News Agency of Nigeria
News Agency of Nigeria
The World Medical Association (WMA), African region has called for strengthening of palliative care for patients with terminally ill ailments across Africa.
The association made the call in a communiqué issued at the end of its conference hosted by the Nigerian Medical Association (NMA) on Saturday in Abuja.
Palliative care entails alleviating the suffering of terminally ill patients, physically, psychologically, socially, spiritually and emotionally.
The News Agency of Nigeria (NAN) reports that the theme of the conference; “An Excursion into the End of Life Spectrum: Defining the boundaries between palliative care, euthanasia and physician-assisted-suicide.” . . . [Full Text]
Open Journal of Obstetrics and Gynecology, 2013, 3, 400-410 OJOG doi:10.4236/ojog.2013.34074 . Published Online June 2013
Mustafa Adelaja Lamina
Background: Despite restrictive abortion law in Nigeria, women still seek abortion services. Restrictive policies on abortion make it difficult for safe and legal abortion to be obtained. Hence, abortion is provided on clandestine basis in some private health facilities, and where the cost of such service is prohibitory, women resort to unsafe methods, including visiting quacks and self medication, resulting in severe complications including death. In Nigeria, little is known about the personal and professional attitudes of individuals who are currently providing abortion services. Exploring the factors which determine health care providers’ involvement in or disengagement from abortion services may facilitate improvement in the planning and provision of future services.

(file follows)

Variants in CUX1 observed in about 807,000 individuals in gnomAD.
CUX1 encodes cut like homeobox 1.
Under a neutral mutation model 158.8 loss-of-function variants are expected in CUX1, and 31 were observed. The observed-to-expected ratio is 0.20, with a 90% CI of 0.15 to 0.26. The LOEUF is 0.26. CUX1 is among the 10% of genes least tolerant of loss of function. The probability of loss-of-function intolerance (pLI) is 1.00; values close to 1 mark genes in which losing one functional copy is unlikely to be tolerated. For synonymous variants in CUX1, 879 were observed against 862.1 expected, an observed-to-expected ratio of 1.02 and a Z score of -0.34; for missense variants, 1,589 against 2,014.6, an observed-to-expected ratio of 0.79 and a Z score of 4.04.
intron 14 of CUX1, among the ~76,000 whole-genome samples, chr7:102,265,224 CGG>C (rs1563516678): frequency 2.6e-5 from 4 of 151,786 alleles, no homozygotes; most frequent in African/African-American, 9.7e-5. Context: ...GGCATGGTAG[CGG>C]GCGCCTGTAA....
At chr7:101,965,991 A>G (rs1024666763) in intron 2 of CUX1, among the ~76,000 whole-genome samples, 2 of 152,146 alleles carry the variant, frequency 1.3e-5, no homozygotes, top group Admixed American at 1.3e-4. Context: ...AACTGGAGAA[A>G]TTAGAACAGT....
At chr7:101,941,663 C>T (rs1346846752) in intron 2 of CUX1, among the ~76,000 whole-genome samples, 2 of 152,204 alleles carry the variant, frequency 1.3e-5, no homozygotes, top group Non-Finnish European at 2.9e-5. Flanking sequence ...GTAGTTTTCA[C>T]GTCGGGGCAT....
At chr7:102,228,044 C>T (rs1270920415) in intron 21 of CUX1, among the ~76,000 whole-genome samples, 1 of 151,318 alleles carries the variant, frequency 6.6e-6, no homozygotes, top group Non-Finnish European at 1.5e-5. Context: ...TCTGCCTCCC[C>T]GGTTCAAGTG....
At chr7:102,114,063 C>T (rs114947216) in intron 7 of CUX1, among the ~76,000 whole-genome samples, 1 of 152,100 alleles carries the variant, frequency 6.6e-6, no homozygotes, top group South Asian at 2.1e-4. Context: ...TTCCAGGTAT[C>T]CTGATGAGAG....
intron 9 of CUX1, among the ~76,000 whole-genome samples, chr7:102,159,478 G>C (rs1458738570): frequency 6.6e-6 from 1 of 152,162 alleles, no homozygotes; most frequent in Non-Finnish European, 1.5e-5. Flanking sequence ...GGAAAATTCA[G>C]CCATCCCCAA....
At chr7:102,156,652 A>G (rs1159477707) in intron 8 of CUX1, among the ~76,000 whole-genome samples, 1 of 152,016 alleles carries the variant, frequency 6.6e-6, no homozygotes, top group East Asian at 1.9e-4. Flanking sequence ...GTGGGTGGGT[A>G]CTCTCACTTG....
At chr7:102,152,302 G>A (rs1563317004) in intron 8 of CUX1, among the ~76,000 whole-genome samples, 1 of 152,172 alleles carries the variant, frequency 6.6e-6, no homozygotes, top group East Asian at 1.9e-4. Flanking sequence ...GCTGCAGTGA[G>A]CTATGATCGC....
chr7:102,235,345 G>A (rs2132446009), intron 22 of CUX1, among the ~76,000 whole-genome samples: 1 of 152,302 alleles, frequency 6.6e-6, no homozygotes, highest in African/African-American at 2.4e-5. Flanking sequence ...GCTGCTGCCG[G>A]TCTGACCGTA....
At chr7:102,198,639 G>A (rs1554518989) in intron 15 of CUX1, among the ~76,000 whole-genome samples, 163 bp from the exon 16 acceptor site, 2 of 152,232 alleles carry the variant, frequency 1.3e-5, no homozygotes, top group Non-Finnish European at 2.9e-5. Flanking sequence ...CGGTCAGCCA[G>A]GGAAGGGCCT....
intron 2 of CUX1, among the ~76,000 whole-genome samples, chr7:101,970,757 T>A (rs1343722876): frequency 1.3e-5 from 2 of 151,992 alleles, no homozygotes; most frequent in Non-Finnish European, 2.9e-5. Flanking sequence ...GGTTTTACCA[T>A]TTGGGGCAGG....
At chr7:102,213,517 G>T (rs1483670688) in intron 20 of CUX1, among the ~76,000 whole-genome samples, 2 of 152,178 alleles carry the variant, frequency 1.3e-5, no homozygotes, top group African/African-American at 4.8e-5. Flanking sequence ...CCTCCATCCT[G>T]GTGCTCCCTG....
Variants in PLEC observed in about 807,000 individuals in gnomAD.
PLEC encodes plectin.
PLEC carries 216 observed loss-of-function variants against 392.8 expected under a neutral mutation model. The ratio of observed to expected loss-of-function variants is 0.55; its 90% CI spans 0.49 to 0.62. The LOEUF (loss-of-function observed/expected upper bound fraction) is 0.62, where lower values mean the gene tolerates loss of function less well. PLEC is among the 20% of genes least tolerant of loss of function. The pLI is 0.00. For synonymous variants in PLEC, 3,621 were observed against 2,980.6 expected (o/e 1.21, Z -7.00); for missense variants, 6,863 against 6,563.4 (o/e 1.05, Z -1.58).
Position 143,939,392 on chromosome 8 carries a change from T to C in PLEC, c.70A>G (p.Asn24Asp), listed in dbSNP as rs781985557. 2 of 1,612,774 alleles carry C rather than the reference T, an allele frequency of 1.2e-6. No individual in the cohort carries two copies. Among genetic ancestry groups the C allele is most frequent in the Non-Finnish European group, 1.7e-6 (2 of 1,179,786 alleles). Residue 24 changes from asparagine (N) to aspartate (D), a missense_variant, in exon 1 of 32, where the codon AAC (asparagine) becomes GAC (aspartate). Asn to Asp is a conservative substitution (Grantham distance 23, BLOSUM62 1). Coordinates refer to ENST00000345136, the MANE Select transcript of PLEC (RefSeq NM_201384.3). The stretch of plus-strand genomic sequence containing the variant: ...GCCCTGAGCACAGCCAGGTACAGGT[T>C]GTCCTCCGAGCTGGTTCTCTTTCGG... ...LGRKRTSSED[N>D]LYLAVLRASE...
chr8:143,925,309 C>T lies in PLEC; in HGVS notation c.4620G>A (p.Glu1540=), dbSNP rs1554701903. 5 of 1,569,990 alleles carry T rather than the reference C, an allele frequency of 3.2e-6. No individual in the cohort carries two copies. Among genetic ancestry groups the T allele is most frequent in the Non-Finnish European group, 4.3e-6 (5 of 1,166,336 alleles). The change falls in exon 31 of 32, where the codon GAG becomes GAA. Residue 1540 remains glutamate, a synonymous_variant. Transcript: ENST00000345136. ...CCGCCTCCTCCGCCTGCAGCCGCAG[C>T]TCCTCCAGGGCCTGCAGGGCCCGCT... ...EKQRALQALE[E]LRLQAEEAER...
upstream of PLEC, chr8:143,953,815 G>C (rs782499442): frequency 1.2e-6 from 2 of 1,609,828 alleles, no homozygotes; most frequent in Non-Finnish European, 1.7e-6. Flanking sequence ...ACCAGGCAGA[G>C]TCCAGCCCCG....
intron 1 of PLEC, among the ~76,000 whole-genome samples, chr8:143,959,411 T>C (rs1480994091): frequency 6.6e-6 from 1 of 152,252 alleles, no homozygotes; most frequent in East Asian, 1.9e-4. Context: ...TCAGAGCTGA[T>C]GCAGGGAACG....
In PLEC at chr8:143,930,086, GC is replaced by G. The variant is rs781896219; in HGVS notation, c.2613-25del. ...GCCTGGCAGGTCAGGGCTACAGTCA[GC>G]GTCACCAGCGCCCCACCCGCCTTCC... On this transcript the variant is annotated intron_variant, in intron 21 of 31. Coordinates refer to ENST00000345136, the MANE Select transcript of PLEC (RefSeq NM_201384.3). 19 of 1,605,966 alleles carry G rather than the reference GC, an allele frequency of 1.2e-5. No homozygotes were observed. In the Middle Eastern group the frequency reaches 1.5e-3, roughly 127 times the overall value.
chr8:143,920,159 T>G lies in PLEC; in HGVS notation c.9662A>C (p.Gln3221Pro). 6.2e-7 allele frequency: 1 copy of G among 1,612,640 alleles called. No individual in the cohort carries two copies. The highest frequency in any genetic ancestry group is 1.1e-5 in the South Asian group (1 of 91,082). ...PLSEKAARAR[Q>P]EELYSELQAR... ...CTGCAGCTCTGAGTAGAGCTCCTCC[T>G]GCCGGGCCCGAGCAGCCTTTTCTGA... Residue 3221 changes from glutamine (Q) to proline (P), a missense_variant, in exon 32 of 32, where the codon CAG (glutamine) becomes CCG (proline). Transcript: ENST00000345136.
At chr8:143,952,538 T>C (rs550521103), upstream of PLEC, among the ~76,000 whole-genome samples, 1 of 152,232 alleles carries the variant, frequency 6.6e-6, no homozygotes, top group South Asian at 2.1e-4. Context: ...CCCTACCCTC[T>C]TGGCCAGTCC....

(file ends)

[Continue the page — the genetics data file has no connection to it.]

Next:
Methods: Data were collected using qualitative research methods. Thirty-six in-depth interviews and one focus group discussion were conducted between January 2010 and July 2010 with health care providers who were involved in a range of abortion services provision in the Western Nigeria. Data were analysed using a thematic analysis approach.
Results: Complex patterns of service delivery were prevalent throughout many of the health care facilities. Fragmented levels of service provision operated in order to accommodate health care providers’ willingness to be involved in different aspects of abortion provision. Closely linked with this was the urgent need expressed by many providers for liberalization of abortion laws in Nigeria in order to create a supportive environment for both clients and providers. Almost all providers were concerned about the numerous difficulties women faced in seeking an abortion and their general quality of care. An overriding concern was poor pre and post abortion counselling including contraceptive counselling and provision.
Conclusion: This is the first known qualitative study undertaken in Nigeria exploring providers’ attitudes towards abortion and it adds to the body of information addressing the barriers to safe abortion services. In order to provide an enabling environment and sustain a pool of abortion service providers, a drastic change in Nigerian abortion laws is mandatory, after which policies that both attract prospective abortion service providers and retain existing ones can be developed. [Full Text]